Do you multitask? Research suggests it might do more harm than good Versão para impressão

Multitasking, so often considered a mark of mastery in the modern age, isn't quite what we think it is. "Multitasking," as it's used in common parlance, is somewhat of a misnomer: rather than performing multiple tasks simultaneously, the brain actually switches rapidly between tasks. And task-switching is an expensive habit that gobbles up extra processing power, rendering any attempt to "multitask" less efficient than simply concentrating on one task at a time.

Indeed, a 2009 study from Stanford discovered that frequent multitasking hurt cognitive performance. People labeled as "heavy media multitaskers"-those who consumed several forms of media at once, like texting while listening to music-were worse at attention tests. They also floundered on challenging working memory tests and scored lower on a task-switching assessment. The researchers postulated that frequent exposure to irrelevant stimuli made these "heavy" users less adept at filtering interference even when it mattered.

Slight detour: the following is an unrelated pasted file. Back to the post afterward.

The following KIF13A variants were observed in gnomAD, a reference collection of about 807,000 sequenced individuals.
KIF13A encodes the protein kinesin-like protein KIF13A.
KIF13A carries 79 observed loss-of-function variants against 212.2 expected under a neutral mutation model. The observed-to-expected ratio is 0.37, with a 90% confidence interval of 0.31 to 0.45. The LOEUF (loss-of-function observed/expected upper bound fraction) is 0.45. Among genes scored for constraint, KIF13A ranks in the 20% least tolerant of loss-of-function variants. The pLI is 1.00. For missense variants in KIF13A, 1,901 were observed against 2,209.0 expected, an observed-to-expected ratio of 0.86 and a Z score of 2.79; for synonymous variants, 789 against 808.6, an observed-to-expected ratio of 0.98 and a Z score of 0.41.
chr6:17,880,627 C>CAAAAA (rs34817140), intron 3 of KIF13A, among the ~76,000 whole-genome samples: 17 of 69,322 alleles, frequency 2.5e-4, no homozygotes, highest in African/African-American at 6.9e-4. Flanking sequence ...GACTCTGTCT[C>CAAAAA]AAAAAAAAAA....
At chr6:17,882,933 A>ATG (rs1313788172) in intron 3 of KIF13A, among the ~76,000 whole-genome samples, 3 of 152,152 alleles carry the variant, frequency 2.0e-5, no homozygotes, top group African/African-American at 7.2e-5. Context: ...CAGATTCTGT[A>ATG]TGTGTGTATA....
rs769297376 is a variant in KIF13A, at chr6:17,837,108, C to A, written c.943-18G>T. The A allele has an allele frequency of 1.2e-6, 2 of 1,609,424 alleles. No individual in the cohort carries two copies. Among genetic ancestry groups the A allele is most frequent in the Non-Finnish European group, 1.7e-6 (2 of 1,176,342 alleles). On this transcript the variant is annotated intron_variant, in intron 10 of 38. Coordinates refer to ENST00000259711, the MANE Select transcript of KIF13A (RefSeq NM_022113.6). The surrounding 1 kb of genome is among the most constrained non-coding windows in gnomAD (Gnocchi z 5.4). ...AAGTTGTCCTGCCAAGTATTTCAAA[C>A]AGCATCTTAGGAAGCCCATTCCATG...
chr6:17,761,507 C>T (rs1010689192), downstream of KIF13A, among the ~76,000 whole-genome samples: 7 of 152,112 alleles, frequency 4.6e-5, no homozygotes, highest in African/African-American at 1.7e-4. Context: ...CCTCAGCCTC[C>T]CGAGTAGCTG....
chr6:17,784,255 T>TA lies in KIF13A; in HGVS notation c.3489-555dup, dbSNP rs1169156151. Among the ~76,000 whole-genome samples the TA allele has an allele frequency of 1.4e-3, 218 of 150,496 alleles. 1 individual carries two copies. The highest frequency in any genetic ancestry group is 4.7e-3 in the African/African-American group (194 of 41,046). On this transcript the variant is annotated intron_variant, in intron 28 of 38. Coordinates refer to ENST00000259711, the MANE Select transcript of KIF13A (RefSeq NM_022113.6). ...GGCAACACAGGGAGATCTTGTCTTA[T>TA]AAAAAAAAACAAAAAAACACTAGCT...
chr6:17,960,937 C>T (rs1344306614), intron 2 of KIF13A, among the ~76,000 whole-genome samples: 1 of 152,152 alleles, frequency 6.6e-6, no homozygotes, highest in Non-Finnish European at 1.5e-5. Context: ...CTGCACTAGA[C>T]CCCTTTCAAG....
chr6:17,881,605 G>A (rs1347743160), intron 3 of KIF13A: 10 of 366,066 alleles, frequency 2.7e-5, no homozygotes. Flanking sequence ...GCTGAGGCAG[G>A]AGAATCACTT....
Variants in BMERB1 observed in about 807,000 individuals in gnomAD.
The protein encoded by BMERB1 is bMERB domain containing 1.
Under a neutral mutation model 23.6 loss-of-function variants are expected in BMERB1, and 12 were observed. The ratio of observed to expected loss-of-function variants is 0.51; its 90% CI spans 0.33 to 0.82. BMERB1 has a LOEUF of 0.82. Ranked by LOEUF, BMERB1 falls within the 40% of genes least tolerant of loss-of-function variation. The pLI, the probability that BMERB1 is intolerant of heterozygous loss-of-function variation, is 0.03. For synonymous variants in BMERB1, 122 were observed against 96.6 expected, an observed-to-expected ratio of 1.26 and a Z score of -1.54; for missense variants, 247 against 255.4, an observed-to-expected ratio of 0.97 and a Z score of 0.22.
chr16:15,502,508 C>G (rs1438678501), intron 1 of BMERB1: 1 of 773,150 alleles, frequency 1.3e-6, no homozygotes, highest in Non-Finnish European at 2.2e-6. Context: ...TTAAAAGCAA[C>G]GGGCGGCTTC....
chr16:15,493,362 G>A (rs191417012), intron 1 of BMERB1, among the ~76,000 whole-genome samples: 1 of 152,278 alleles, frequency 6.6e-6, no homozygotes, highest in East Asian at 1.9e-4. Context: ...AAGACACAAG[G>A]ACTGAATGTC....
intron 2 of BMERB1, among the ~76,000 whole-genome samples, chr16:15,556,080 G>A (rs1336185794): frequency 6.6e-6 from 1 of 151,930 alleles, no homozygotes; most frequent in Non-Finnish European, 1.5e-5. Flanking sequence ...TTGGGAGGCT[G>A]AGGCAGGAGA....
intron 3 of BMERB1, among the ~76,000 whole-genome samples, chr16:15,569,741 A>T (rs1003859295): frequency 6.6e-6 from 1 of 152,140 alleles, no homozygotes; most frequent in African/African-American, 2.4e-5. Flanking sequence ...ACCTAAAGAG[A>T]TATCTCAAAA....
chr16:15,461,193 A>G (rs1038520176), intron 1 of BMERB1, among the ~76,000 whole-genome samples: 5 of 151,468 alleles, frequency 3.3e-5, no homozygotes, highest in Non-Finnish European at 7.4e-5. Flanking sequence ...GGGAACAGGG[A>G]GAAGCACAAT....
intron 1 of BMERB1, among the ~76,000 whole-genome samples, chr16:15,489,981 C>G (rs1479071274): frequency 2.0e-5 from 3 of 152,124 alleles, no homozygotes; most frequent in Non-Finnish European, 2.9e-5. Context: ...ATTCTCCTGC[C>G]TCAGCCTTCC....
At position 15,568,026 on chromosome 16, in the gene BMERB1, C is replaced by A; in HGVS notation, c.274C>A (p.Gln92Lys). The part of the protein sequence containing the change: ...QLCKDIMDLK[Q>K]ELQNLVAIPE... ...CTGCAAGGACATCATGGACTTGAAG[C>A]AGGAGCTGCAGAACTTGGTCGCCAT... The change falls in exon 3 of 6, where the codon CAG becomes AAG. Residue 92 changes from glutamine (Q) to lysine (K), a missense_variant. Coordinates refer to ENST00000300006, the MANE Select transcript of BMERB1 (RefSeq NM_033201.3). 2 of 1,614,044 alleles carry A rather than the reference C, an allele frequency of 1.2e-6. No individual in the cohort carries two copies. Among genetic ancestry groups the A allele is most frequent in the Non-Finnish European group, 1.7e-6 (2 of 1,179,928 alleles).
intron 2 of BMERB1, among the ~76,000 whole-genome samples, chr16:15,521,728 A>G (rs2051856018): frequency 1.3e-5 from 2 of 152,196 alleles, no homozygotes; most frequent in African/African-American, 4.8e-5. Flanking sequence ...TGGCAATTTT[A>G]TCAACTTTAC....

In a 2006 study from UCLA, researchers came up with a more ambiguous conclusion: multitasking didn't necessarily make you learn more poorly, just differently. They found that participants who learned a new task while exposed to a secondary task performed the learned behavior just as accurately-participants were simply unable to explain why, or access other explicit learned information. Multitasking seemed to make new learnings more akin to habit.

Finally, a lucky 2.5% of the population is actually capable of mastering multitasking: these "Supertaskers" experienced no drop in performance even when faced with a challenging driving simulation test, according to a study from 2010.

The takeaway: while multitasking is a misnomer, task switching and working memory are very real.

Leia mais: Media multitaskers pay mental price, Stanford study shows

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